I asked them to explain it in a proper scientific way where they got onto the idea of handlebars risers being bad but none came forward. Got the standard BS reply. I got the distinct idea somewhere some pseudo engineer had bee in the bonnet and it got taken as gospel by the church. They all use big words like centre of gravity and angle of attack and such but I think most does not even understand the meaning of it.
So for me, personally until someone there can in a proper way explain it I will take it as his opinion only.

Sure, I agree 100mm stacks is stupid but if you add say 12mm-20mm I cant not see it affects your ability to ride a bike properly offroad.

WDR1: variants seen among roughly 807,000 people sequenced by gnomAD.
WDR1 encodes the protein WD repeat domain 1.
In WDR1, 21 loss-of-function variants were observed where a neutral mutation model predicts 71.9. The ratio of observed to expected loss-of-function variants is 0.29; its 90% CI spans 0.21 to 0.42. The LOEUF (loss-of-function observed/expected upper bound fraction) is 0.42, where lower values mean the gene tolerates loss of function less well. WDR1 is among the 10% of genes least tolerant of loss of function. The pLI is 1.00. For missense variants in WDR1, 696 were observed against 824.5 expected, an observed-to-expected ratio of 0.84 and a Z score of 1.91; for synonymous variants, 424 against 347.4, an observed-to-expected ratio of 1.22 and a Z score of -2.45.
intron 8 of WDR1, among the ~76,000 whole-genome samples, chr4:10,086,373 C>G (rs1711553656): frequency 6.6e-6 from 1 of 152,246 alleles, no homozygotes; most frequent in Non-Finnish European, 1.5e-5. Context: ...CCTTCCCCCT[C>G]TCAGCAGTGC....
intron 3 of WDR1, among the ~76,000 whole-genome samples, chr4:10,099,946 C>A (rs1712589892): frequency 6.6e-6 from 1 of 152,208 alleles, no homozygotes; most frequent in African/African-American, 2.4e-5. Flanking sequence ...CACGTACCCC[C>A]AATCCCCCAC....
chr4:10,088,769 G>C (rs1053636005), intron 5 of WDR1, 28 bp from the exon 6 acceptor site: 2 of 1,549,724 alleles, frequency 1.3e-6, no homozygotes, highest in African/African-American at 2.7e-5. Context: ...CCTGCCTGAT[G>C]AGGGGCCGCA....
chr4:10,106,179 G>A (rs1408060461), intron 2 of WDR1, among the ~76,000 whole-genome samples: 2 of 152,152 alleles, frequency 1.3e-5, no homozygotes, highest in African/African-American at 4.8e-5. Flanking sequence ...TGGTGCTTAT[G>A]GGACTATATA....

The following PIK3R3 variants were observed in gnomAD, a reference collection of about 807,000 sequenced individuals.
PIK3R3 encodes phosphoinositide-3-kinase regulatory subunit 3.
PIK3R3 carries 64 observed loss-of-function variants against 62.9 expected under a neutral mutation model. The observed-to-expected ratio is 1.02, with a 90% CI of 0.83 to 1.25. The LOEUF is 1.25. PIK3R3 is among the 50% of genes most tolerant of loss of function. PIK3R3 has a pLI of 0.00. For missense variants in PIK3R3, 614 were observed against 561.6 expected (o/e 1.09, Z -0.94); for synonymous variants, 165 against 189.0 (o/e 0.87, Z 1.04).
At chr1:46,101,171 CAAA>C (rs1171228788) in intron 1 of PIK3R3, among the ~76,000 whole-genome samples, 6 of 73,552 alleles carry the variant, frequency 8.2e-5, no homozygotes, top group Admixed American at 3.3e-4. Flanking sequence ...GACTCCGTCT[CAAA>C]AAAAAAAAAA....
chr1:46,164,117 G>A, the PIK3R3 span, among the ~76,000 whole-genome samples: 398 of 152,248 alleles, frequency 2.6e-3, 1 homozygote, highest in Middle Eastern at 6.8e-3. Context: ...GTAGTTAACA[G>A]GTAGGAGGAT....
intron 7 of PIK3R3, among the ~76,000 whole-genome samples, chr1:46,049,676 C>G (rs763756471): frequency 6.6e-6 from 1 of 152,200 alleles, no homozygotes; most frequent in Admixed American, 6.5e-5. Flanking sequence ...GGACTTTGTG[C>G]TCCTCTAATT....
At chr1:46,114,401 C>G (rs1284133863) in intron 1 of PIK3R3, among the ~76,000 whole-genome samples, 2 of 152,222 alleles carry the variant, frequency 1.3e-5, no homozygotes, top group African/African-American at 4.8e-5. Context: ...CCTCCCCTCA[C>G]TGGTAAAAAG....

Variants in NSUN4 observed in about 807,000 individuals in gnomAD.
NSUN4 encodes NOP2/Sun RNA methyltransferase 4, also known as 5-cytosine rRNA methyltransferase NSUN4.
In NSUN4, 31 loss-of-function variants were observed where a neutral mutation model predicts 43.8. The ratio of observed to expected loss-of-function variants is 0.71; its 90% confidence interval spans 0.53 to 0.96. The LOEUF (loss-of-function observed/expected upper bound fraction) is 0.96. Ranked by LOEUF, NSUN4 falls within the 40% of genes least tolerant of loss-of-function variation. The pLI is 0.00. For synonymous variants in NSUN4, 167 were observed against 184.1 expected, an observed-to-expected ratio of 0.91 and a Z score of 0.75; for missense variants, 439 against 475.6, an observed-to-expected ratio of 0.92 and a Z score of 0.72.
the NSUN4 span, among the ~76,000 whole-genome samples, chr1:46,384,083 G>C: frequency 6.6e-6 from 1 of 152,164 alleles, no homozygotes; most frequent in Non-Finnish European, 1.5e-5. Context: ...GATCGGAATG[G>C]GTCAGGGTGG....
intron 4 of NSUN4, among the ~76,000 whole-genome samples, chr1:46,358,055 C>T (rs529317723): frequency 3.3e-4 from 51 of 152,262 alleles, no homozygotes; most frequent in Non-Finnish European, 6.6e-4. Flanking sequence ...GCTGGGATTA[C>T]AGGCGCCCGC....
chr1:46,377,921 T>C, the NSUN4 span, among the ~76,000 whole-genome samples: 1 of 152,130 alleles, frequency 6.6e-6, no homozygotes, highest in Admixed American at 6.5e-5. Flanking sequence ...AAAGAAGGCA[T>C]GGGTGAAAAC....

I know as many very competent riders with risers on their bikes and they have no issues with it and no issues riding their bikes offroad. In the end it is your bike, if you like it and it works for you then so be it, you are not racing the Dakar. Every bike needs setting up for each rider. The KLR'S and Dakar's had stuff that needed done to them. We try setup dualsport bikes to do a lot of different stuff for us. On road, offroad, technical stuff so some stuff you comprises on.

Offline MrBig

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Re: Handle Bar Raisers
« Reply #63 on: August 16, 2017, 08:10:15 PM »